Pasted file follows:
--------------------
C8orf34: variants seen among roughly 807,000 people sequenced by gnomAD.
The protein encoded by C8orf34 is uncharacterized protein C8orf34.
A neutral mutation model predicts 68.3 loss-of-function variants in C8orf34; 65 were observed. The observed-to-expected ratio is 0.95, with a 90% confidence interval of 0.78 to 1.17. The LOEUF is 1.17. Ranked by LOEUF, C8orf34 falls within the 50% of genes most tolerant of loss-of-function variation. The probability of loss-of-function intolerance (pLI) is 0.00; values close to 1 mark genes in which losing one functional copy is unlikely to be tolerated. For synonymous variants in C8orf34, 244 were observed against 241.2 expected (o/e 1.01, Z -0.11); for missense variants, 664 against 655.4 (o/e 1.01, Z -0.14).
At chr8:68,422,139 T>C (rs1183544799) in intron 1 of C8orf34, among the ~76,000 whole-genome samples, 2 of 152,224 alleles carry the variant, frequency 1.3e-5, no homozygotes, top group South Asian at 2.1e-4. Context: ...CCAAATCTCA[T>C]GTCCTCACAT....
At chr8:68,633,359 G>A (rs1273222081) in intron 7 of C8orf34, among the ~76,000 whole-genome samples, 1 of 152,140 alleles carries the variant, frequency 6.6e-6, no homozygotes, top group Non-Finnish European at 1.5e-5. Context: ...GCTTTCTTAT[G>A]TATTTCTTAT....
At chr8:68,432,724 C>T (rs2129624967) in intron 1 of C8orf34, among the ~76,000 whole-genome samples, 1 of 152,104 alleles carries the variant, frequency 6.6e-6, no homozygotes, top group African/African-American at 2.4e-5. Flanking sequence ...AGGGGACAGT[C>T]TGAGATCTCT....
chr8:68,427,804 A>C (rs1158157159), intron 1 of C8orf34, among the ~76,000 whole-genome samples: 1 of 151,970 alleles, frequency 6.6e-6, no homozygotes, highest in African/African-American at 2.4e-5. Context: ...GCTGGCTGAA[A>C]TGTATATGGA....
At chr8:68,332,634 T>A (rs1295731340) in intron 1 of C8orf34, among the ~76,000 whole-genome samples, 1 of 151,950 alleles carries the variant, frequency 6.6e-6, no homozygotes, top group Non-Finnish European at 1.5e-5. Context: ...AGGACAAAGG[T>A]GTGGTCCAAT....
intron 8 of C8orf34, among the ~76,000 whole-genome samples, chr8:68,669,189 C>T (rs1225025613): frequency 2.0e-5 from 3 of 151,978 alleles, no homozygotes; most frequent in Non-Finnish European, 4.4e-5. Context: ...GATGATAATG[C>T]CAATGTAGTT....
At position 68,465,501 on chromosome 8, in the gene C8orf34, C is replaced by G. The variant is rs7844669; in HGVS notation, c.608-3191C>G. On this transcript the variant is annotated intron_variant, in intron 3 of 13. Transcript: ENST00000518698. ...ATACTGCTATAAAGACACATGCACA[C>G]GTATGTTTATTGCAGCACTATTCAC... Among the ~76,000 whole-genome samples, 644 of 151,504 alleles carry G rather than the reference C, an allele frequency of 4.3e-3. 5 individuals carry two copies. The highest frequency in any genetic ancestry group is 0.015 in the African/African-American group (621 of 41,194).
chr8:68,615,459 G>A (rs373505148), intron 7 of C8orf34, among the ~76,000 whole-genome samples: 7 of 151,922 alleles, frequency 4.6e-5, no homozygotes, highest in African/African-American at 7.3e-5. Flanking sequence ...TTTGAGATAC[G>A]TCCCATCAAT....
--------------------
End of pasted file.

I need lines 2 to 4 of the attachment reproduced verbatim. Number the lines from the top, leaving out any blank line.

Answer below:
The protein encoded by C8orf34 is uncharacterized protein C8orf34.
A neutral mutation model predicts 68.3 loss-of-function variants in C8orf34; 65 were observed. The observed-to-expected ratio is 0.95, with a 90% confidence interval of 0.78 to 1.17. The LOEUF is 1.17. Ranked by LOEUF, C8orf34 falls within the 50% of genes most tolerant of loss-of-function variation. The probability of loss-of-function intolerance (pLI) is 0.00; values close to 1 mark genes in which losing one functional copy is unlikely to be tolerated. For synonymous variants in C8orf34, 244 were observed against 241.2 expected (o/e 1.01, Z -0.11); for missense variants, 664 against 655.4 (o/e 1.01, Z -0.14).
At chr8:68,422,139 T>C (rs1183544799) in intron 1 of C8orf34, among the ~76,000 whole-genome samples, 2 of 152,224 alleles carry the variant, frequency 1.3e-5, no homozygotes, top group South Asian at 2.1e-4. Context: ...CCAAATCTCA[T>C]GTCCTCACAT....